Ray Bloomer Honored with NPS Accessibility Achievement Award

On October 22, 2009 Ray Bloomer, NCA Director of Education and Technical Assistance, was presented with the 2009 Accessibility Leadership Achievement Award. The award, which is given to an individual or team whose active leadership has resulted in improved accessibility within the National Park System (NPS) for persons with disabilities; has increased visibility for the issue of accessibility in the parks; or has provided policy development and implementation recognizes Ray’s outstanding dedication and leadership in ensuring that accessibility and universal design are major considerations for NPS facilities and programs. “I was very surprised and very honored,” comments Bloomer.

Ray Bloomer accepts the National Park Service Accessibility Leadership Achievement Award from Bill Shadow, Chief of Land Resources.

According to Sherril York, National Center on Accessibility Director “We at the National Center on Accessibility are very excited to see Ray recognized with the NPS Accessibility Leadership Achievement Award. Ray has been a tireless advocate for access for all people for many years and his influence has been widespread. We know firsthand the tremendous impact that he has had on advancing accessibility and inclusion for people with disabilities, not only in the National Park Service, but also across parks and recreation nationally and internationally.”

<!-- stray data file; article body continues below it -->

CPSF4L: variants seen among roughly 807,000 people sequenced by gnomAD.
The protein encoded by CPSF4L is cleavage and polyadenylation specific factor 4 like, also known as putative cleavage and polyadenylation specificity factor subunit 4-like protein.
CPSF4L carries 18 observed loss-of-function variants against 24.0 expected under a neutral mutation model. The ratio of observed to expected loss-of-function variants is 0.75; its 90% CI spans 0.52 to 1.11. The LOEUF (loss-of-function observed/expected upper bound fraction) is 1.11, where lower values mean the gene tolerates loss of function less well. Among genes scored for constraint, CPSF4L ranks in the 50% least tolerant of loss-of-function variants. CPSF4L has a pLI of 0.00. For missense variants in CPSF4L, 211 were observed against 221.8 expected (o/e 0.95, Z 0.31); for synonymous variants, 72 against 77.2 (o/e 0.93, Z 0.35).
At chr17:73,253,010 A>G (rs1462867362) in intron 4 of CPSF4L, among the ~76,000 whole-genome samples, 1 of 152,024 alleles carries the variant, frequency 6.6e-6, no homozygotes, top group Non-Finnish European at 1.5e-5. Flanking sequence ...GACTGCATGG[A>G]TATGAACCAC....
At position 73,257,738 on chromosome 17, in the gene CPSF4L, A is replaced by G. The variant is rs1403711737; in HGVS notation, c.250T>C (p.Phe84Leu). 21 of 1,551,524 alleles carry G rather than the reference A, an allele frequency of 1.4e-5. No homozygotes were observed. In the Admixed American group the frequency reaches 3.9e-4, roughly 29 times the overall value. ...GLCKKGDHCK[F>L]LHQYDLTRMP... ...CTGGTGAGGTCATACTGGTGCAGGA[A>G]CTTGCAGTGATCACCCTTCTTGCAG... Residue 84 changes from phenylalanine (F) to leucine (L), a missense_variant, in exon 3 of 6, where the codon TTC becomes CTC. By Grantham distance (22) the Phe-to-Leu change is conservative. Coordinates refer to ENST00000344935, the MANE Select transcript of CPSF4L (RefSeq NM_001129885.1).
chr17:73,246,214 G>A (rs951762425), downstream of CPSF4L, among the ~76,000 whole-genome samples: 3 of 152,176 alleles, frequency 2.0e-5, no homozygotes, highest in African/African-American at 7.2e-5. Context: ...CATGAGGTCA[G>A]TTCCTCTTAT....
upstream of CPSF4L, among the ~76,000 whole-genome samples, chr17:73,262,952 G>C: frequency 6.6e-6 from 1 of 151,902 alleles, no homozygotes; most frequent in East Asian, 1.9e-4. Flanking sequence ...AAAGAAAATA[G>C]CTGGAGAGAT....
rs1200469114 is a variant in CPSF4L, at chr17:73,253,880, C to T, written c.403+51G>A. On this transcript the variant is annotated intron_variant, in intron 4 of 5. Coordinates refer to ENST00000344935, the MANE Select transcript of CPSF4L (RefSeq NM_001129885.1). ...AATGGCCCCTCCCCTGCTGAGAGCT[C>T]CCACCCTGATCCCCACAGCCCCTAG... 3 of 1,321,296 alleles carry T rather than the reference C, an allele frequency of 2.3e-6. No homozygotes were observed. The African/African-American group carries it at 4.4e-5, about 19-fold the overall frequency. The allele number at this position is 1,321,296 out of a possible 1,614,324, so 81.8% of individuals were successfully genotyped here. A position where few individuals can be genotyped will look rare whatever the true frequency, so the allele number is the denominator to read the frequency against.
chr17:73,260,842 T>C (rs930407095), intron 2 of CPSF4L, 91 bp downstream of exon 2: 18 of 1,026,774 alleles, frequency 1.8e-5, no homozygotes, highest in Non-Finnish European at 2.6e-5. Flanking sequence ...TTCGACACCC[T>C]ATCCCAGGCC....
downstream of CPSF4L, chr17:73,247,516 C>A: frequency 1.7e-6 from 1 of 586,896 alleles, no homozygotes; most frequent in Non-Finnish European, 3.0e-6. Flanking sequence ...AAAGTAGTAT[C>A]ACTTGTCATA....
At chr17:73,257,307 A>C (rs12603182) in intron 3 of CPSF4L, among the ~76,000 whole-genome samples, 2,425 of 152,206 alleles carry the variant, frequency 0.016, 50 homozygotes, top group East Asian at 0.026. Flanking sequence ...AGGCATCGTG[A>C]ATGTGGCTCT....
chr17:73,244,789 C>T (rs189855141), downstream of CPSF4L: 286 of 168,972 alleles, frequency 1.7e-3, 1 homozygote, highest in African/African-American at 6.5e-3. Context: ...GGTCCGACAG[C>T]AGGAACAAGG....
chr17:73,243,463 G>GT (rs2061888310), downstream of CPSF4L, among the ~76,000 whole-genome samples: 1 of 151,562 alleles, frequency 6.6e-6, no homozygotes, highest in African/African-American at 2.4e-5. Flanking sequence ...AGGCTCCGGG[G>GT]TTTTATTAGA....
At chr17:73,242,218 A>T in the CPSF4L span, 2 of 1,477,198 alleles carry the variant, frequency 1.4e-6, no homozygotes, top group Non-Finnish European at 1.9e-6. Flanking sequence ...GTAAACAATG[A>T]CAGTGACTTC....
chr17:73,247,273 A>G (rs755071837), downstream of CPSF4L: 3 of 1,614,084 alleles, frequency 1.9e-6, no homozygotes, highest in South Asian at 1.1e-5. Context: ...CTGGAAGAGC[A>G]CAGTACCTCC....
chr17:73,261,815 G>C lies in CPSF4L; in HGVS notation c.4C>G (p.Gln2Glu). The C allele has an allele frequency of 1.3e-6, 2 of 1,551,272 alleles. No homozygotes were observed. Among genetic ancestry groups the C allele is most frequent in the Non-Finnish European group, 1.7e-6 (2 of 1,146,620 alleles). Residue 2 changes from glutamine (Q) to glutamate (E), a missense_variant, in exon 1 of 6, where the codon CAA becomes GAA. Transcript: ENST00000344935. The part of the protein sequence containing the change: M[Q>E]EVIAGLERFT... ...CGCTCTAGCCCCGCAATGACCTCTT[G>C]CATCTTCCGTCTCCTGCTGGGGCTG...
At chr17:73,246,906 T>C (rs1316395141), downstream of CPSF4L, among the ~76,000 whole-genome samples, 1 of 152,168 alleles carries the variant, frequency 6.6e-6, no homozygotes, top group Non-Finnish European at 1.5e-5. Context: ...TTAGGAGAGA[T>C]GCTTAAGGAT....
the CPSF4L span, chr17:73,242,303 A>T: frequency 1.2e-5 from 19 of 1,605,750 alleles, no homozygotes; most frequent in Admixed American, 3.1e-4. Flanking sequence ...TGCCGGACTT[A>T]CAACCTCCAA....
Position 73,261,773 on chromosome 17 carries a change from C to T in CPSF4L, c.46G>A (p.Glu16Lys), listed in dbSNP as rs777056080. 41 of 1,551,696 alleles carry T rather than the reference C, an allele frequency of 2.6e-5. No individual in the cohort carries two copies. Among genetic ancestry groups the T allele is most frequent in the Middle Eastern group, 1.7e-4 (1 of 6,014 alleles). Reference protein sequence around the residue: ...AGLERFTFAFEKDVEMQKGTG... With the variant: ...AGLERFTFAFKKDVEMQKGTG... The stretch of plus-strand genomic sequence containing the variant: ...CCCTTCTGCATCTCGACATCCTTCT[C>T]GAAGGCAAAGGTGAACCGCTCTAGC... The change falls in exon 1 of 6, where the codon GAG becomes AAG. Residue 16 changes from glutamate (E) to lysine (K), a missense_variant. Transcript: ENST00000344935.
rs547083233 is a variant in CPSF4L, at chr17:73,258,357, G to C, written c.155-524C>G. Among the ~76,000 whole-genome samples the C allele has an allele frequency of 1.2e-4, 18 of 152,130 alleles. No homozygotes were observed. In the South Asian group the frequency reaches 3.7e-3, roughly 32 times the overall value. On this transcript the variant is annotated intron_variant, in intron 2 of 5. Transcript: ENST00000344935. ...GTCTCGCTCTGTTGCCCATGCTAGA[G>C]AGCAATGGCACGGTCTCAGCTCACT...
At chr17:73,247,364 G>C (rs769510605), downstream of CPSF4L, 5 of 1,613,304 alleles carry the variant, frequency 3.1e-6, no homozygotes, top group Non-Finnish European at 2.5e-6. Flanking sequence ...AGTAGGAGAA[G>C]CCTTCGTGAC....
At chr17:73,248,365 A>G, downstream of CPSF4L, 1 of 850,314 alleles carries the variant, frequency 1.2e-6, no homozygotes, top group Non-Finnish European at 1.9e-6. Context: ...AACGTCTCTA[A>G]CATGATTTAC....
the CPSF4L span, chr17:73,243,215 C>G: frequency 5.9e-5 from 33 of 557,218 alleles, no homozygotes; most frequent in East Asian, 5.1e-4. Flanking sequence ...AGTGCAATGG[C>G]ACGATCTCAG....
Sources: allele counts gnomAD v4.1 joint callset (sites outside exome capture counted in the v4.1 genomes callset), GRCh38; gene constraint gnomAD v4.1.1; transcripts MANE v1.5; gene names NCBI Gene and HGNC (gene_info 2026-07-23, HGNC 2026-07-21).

During his tenure with the National Park Service, Ray has served as a Park Ranger/Interpreter at Independence National Historic Park in Philadelphia, Accessibility Coordinator at Boston National Historic Park, Regional Access Coordinator for the NPS North Atlantic Regional Office and Chief of Visitor Services and Interpretation at Sagamore Hill National Historic Site. While working as the Regional Accessibility Specialist, Ray was actively involved from 1983 to 1992 with the Statue of Liberty/Ellis Island Restoration Project. He has served as a consultant on numerous projects of national significance including the Museum Task Force funded by the National Trust for Historic Preservation, the Department of Justice settlement agreement with the International Spy Museum, exhibit and program access at the Rock and Roll Hall of Fame and Museum in Cleveland and New York, and the Cherokee Heritage Center's Trail of Tears exhibit awarded for excellence in media by the National Association for Interpretation. Ray currently serves on the U.S. Department of Interior Disability Rights Committee and the NPS Service-wide Accessibility Coordinating Committee.

Not only has Ray given park visitors the opportunity for improved facilities and interpretive programs, he has also instilled in the park managers and staff the critical insight and increased awareness of the needs of persons with disabilities necessary in the planning, design, and construction of new facilities and in the planning and implementation of interpretive programs. His commitment to accessibility and the concept of “universal design” has resulted in significantly improved opportunities for persons with disabilities in not only the NPS, but also park and recreation programs nationwide.

“Ray personifies all the criteria of this prestigious award and the honor is well deserved” says York.